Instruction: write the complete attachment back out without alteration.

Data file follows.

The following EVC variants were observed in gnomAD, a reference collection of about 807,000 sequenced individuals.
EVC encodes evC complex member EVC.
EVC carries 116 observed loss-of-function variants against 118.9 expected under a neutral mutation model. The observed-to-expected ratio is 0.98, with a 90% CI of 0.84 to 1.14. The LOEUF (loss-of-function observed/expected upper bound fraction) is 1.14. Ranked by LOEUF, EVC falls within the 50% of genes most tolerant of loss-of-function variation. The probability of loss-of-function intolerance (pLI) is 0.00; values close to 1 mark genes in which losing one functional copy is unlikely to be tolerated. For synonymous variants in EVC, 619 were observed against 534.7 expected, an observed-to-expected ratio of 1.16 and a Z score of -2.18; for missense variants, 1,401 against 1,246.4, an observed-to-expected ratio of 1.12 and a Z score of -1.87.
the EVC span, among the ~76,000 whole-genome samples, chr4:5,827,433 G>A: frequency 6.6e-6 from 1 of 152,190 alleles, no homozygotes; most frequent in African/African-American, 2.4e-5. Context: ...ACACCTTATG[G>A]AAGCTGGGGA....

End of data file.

The following EVC variants were observed in gnomAD, a reference collection of about 807,000 sequenced individuals.
EVC encodes evC complex member EVC.
EVC carries 116 observed loss-of-function variants against 118.9 expected under a neutral mutation model. The observed-to-expected ratio is 0.98, with a 90% CI of 0.84 to 1.14. The LOEUF (loss-of-function observed/expected upper bound fraction) is 1.14. Ranked by LOEUF, EVC falls within the 50% of genes most tolerant of loss-of-function variation. The probability of loss-of-function intolerance (pLI) is 0.00; values close to 1 mark genes in which losing one functional copy is unlikely to be tolerated. For synonymous variants in EVC, 619 were observed against 534.7 expected, an observed-to-expected ratio of 1.16 and a Z score of -2.18; for missense variants, 1,401 against 1,246.4, an observed-to-expected ratio of 1.12 and a Z score of -1.87.
the EVC span, among the ~76,000 whole-genome samples, chr4:5,827,433 G>A: frequency 6.6e-6 from 1 of 152,190 alleles, no homozygotes; most frequent in African/African-American, 2.4e-5. Context: ...ACACCTTATG[G>A]AAGCTGGGGA....